Though an advanced industrial country, Germany offered limited communication between now Captain Ommodt and his family back home. There was a call home once a week, some e-mail and soldiers were sent calling cards.
As the Iraq War intensified, Brad and his unit faced another call-up. “The entire 1st Brigade Combat Team of Minnesota had a mobilization notification,” Brad said.
His unit was deployed to a forward operating base in Iraq. “There was a lot of action all the time,” Brad said, “There were a lot of scary moments. There was a lot of indirect fire, a lot of IEDs. The battalion lost five people.”
Even though he was in an active war zone, the communication between Brad and his family was much better. Partly because Val got a cell phone, which is about the time many people started changing from having just landlines to incorporating cell phones as part of how families communicated. The beefed up communications by the U.S. military in Iraq meant that it was easier for e-mail to get through.
It was a long deployment. First there was the training stateside, then there was the Iraq deployment that was scheduled for a year. As the 125th Field Artillery was getting ready to come home, President George W. Bush extended their tour as part of an Iraq War escalation.
Val found out about this before Brad was told in Iraq. She called him up and said, “I heard on the news you were staying.” The news hadn’t been broken to the unit in Iraq. He found out about it through the chain of command the next day.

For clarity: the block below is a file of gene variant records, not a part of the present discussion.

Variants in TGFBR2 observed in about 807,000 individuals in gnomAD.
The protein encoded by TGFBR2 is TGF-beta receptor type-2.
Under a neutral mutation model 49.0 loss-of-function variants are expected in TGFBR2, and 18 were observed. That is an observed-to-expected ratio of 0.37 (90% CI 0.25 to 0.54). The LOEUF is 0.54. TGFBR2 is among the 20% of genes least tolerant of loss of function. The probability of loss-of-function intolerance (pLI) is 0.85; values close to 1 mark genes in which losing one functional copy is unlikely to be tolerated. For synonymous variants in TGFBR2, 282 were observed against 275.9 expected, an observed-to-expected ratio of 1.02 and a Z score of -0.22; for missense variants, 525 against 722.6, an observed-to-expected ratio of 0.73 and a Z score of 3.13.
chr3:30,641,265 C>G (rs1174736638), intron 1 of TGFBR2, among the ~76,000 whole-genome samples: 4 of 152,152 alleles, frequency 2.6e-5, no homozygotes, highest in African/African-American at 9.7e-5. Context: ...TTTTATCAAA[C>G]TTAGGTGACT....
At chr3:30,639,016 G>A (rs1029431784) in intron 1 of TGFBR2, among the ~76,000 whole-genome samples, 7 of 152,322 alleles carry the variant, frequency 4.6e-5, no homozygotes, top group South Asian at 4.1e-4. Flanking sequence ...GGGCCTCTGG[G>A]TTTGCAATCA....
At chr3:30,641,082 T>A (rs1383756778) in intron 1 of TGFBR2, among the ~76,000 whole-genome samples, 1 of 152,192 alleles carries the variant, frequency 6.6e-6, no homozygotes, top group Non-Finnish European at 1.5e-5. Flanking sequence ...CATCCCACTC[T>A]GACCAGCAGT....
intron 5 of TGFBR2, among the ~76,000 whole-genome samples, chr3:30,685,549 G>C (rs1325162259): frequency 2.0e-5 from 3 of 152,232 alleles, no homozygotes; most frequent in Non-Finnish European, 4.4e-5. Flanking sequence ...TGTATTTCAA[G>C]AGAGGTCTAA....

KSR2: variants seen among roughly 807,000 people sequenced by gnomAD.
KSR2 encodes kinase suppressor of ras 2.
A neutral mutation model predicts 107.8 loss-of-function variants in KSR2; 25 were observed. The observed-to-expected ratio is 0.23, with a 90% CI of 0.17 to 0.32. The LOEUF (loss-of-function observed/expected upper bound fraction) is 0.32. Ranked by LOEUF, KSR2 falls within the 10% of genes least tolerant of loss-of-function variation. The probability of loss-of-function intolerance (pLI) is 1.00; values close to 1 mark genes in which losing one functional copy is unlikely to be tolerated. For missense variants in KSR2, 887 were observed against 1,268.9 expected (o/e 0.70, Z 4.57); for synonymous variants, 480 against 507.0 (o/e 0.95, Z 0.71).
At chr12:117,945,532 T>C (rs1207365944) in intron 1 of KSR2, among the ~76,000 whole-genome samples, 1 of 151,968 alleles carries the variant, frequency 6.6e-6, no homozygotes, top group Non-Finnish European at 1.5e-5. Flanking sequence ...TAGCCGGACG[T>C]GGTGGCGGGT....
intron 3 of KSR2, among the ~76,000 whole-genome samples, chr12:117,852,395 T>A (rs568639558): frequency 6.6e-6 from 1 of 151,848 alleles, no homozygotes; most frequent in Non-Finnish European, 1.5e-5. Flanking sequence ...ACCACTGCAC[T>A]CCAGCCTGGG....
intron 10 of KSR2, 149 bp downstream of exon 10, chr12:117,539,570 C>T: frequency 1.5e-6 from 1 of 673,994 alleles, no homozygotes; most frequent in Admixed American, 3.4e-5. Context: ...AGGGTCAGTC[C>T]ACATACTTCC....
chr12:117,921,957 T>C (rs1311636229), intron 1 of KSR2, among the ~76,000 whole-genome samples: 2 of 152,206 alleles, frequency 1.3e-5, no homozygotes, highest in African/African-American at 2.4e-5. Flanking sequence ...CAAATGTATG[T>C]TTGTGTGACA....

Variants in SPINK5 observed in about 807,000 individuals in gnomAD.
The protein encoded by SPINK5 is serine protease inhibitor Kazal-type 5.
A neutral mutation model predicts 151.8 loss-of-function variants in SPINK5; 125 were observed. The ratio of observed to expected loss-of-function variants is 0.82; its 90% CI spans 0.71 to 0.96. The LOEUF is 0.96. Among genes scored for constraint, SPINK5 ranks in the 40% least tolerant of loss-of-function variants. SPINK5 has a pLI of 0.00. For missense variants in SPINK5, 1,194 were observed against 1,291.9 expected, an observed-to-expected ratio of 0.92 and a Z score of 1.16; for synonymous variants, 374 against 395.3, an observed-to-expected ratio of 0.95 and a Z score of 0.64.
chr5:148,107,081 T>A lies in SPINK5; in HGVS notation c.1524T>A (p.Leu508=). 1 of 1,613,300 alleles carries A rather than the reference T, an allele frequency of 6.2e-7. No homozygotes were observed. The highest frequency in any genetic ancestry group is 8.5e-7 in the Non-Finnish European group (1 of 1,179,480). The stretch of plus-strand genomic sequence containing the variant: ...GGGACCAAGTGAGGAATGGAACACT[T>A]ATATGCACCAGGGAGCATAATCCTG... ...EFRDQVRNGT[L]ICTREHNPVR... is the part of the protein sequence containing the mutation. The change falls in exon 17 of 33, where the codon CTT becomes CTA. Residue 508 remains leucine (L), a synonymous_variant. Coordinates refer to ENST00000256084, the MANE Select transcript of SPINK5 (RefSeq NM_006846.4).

This improved communication was helpful, when Val and Brad’s son Cayden was seriously injured in a dirt bike accident. The news got to him faster, and the ability to stay in close communication during this crisis was a comfort for both Val and Brad.
Page 3 of 3 - When Brad returned stateside, he transitioned into a Guard unit with a new mission. Brad became part of the Minnesota Agribusiness Development Team - ADT.
It was a 22 member unit. The ADT was deployed to Afghanistan more than a year ago and it was dedicated to a specific mission of helping the Afghan government develop the governmental infrastructure necessary for a Department of Agriculture. It also involved teaching Afghan farmers about good agricultural practices. Still it was a National Guard unit and Brad was always armed when he ventured out in Afghanistan.
Afghanistan might have been the most backward country, but communication back home was the easiest. “We used skype every night,” Val said.
ADT is a small unit, with Brad being the only Guard member from southern Minnesota, so Val got support from the community, friends and family.
After a year deployment, Brad came home in September. The last two deployments saw his rank increase first to Major and then to Lt. Col.
Lt. Col. Ommodt has had a great deal of satisfaction with his long career. It has allowed him to advance professionally and raise a family. It will be 28 years of service in the Guard next January. Brad’s found it a satisfying career. Right now he’s enjoying mentoring young Guard members, many of whom are the same age Brad was when he started.